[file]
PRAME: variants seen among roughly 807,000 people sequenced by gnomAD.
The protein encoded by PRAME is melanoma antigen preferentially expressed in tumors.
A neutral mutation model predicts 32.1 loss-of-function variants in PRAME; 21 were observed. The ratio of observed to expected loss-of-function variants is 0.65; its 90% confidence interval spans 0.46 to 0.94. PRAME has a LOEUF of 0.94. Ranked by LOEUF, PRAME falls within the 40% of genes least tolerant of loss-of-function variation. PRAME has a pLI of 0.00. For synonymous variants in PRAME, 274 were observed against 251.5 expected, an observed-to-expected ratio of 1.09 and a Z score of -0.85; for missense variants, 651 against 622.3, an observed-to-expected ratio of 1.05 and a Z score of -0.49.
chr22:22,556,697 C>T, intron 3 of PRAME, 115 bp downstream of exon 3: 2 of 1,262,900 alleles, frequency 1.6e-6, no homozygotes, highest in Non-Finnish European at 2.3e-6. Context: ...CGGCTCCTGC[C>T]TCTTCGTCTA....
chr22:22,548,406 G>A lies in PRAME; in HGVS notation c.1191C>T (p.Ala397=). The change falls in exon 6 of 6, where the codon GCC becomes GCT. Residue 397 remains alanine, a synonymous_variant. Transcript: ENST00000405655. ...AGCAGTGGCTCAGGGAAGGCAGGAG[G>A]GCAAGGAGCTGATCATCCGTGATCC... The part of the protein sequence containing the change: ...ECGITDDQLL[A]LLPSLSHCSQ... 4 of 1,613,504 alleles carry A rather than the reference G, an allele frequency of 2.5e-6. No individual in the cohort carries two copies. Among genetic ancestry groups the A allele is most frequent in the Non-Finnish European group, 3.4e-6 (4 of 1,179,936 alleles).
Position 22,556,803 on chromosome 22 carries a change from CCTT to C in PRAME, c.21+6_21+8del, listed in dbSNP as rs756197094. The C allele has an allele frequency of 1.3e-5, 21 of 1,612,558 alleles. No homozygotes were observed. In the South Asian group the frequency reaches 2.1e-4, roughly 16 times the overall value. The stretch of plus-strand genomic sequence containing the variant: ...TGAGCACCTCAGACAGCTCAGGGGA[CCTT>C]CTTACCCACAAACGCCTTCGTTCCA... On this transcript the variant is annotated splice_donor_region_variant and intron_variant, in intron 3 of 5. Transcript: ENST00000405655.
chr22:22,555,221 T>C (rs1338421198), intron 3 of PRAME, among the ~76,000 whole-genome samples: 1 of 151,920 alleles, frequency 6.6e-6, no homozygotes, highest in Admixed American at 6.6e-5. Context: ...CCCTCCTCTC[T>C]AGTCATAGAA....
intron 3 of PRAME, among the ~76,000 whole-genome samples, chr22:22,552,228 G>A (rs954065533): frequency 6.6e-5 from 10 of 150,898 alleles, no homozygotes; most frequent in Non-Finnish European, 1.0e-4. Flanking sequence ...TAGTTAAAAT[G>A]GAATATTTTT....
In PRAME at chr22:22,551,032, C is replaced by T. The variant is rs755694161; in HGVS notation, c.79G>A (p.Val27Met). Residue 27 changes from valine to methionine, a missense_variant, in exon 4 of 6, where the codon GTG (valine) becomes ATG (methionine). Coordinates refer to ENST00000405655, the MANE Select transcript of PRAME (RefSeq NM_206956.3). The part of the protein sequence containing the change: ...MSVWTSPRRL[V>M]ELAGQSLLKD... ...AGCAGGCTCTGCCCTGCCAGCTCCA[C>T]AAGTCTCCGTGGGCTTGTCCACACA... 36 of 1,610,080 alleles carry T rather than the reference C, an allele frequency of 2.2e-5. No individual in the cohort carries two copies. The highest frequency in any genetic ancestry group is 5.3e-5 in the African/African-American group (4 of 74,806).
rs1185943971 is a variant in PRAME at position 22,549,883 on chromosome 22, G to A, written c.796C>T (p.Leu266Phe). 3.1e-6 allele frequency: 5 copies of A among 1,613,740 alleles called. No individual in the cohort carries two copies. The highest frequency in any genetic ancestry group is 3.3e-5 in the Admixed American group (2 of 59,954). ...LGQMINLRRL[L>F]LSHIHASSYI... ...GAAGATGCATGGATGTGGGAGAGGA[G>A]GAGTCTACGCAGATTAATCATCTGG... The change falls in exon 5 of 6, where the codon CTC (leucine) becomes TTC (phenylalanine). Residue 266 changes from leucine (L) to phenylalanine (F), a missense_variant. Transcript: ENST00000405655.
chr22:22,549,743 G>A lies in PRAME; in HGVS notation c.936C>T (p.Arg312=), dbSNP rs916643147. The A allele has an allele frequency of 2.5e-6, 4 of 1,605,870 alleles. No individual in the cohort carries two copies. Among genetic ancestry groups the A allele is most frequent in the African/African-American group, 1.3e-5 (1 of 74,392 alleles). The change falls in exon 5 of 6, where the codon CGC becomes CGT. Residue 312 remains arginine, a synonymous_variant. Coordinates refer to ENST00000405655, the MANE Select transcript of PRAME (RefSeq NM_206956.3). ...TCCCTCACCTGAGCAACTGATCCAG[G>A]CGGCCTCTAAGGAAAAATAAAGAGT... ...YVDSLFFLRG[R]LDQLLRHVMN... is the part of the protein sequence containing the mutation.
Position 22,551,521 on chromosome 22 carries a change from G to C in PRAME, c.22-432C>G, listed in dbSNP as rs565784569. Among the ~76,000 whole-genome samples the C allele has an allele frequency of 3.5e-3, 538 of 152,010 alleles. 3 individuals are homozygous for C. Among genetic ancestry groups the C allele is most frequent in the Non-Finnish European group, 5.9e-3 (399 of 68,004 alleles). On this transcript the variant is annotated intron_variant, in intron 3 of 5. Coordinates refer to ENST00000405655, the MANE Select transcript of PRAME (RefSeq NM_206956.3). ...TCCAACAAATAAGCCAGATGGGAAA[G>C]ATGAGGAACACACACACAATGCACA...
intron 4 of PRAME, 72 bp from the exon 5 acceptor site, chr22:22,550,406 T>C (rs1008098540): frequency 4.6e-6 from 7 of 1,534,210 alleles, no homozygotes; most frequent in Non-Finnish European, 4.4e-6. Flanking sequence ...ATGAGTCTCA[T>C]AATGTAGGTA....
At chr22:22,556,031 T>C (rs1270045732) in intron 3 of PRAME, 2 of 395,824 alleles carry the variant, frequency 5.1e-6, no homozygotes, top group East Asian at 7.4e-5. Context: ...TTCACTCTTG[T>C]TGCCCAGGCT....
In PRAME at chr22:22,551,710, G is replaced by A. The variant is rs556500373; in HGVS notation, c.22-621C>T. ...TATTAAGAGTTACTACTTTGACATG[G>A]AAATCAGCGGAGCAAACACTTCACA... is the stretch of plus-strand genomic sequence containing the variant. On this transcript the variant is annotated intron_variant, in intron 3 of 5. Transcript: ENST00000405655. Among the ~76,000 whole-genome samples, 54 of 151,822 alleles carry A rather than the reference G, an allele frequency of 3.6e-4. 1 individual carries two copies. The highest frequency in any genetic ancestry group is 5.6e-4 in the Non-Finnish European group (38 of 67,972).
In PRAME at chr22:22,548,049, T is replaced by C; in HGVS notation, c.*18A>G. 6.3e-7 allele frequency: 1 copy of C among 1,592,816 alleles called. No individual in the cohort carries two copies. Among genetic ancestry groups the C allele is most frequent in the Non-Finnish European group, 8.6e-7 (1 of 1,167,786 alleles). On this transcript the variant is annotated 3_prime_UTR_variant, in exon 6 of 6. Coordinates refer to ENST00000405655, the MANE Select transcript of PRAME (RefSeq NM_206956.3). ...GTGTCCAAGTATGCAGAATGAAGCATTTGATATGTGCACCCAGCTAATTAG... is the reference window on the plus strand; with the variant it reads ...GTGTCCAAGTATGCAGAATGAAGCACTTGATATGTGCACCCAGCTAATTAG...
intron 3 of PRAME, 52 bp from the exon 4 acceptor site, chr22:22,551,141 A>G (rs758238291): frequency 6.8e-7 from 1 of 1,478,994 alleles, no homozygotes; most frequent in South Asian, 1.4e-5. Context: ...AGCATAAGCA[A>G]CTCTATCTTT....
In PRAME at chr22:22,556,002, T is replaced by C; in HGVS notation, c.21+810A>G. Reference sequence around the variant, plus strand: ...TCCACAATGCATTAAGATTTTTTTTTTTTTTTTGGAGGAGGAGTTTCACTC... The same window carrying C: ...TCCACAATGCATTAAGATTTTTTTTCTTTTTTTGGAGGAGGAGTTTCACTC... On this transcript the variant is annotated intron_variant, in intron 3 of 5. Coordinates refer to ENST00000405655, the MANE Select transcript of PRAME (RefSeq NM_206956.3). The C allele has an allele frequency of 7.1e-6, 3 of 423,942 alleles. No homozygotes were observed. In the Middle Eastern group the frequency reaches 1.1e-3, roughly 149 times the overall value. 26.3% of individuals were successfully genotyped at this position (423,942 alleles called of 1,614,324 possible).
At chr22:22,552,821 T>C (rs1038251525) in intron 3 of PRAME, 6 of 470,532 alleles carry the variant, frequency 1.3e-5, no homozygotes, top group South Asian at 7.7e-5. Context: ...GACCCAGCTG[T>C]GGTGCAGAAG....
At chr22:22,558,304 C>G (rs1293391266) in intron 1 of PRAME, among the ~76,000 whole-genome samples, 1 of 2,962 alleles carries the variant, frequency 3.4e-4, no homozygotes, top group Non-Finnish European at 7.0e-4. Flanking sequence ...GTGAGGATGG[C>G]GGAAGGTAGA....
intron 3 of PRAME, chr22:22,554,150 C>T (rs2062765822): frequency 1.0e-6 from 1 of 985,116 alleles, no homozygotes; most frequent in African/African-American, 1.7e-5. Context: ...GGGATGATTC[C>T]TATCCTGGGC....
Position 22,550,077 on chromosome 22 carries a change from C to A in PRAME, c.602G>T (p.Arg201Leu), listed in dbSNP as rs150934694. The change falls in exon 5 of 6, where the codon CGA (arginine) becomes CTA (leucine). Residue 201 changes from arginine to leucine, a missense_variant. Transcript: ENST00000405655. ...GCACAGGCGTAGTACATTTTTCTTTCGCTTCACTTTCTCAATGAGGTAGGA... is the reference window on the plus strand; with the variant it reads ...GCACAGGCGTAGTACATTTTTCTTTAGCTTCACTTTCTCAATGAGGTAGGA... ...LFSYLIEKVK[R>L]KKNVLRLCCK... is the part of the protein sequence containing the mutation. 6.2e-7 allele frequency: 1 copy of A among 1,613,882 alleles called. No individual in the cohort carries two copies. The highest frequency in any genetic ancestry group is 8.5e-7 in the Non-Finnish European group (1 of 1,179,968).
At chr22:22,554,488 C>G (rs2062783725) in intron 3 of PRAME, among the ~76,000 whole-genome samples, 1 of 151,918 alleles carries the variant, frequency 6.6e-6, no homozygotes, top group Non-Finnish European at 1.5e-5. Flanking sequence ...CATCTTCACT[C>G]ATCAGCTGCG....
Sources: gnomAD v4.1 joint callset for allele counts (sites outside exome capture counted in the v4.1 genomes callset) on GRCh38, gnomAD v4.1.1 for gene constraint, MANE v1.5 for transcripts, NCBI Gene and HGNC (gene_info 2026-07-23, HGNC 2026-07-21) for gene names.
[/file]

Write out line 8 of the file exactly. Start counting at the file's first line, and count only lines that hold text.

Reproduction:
intron 3 of PRAME, among the ~76,000 whole-genome samples, chr22:22,552,228 G>A (rs954065533): frequency 6.6e-5 from 10 of 150,898 alleles, no homozygotes; most frequent in Non-Finnish European, 1.0e-4. Flanking sequence ...TAGTTAAAAT[G>A]GAATATTTTT....